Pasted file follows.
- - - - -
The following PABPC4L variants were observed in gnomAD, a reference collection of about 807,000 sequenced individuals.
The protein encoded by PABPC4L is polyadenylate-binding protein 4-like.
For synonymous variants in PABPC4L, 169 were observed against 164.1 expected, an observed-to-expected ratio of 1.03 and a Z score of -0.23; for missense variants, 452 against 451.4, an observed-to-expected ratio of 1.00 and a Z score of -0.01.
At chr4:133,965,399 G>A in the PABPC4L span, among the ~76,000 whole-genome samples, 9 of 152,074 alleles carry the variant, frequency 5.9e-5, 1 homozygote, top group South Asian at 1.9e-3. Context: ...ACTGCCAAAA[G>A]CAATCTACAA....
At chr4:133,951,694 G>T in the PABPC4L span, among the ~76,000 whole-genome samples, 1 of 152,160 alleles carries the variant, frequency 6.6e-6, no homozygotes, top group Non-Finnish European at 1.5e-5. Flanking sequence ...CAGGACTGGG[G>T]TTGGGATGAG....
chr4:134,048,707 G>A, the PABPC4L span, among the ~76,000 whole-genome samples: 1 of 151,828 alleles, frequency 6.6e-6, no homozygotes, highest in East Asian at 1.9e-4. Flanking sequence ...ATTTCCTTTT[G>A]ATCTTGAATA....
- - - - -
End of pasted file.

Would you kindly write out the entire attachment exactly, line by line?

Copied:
The following PABPC4L variants were observed in gnomAD, a reference collection of about 807,000 sequenced individuals.
The protein encoded by PABPC4L is polyadenylate-binding protein 4-like.
For synonymous variants in PABPC4L, 169 were observed against 164.1 expected, an observed-to-expected ratio of 1.03 and a Z score of -0.23; for missense variants, 452 against 451.4, an observed-to-expected ratio of 1.00 and a Z score of -0.01.
At chr4:133,965,399 G>A in the PABPC4L span, among the ~76,000 whole-genome samples, 9 of 152,074 alleles carry the variant, frequency 5.9e-5, 1 homozygote, top group South Asian at 1.9e-3. Context: ...ACTGCCAAAA[G>A]CAATCTACAA....
At chr4:133,951,694 G>T in the PABPC4L span, among the ~76,000 whole-genome samples, 1 of 152,160 alleles carries the variant, frequency 6.6e-6, no homozygotes, top group Non-Finnish European at 1.5e-5. Flanking sequence ...CAGGACTGGG[G>T]TTGGGATGAG....
chr4:134,048,707 G>A, the PABPC4L span, among the ~76,000 whole-genome samples: 1 of 151,828 alleles, frequency 6.6e-6, no homozygotes, highest in East Asian at 1.9e-4. Flanking sequence ...ATTTCCTTTT[G>A]ATCTTGAATA....